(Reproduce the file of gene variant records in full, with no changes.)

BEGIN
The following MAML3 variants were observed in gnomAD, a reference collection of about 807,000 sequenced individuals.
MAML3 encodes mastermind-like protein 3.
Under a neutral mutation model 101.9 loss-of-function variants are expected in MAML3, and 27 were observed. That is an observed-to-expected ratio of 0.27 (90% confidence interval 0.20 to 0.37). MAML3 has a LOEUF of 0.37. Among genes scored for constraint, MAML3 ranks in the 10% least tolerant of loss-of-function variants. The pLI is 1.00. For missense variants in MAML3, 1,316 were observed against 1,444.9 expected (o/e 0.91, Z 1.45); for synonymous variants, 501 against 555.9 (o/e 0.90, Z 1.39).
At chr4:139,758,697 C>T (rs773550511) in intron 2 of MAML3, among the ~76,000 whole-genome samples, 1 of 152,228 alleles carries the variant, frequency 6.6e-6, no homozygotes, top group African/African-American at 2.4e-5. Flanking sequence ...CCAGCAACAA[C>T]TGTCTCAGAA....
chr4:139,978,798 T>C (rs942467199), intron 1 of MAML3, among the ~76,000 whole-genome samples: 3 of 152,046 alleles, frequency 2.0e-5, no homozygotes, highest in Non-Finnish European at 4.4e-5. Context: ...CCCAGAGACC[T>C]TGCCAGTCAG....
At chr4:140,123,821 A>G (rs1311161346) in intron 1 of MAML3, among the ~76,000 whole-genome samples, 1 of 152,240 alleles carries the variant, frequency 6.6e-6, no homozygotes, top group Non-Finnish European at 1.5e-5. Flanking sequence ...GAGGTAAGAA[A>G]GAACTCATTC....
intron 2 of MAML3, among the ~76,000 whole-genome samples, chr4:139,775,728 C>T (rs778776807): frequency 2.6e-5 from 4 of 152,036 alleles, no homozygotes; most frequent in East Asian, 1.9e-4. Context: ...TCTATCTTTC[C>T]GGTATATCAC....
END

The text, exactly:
The following MAML3 variants were observed in gnomAD, a reference collection of about 807,000 sequenced individuals.
MAML3 encodes mastermind-like protein 3.
Under a neutral mutation model 101.9 loss-of-function variants are expected in MAML3, and 27 were observed. That is an observed-to-expected ratio of 0.27 (90% confidence interval 0.20 to 0.37). MAML3 has a LOEUF of 0.37. Among genes scored for constraint, MAML3 ranks in the 10% least tolerant of loss-of-function variants. The pLI is 1.00. For missense variants in MAML3, 1,316 were observed against 1,444.9 expected (o/e 0.91, Z 1.45); for synonymous variants, 501 against 555.9 (o/e 0.90, Z 1.39).
At chr4:139,758,697 C>T (rs773550511) in intron 2 of MAML3, among the ~76,000 whole-genome samples, 1 of 152,228 alleles carries the variant, frequency 6.6e-6, no homozygotes, top group African/African-American at 2.4e-5. Flanking sequence ...CCAGCAACAA[C>T]TGTCTCAGAA....
chr4:139,978,798 T>C (rs942467199), intron 1 of MAML3, among the ~76,000 whole-genome samples: 3 of 152,046 alleles, frequency 2.0e-5, no homozygotes, highest in Non-Finnish European at 4.4e-5. Context: ...CCCAGAGACC[T>C]TGCCAGTCAG....
At chr4:140,123,821 A>G (rs1311161346) in intron 1 of MAML3, among the ~76,000 whole-genome samples, 1 of 152,240 alleles carries the variant, frequency 6.6e-6, no homozygotes, top group Non-Finnish European at 1.5e-5. Flanking sequence ...GAGGTAAGAA[A>G]GAACTCATTC....
intron 2 of MAML3, among the ~76,000 whole-genome samples, chr4:139,775,728 C>T (rs778776807): frequency 2.6e-5 from 4 of 152,036 alleles, no homozygotes; most frequent in East Asian, 1.9e-4. Context: ...TCTATCTTTC[C>T]GGTATATCAC....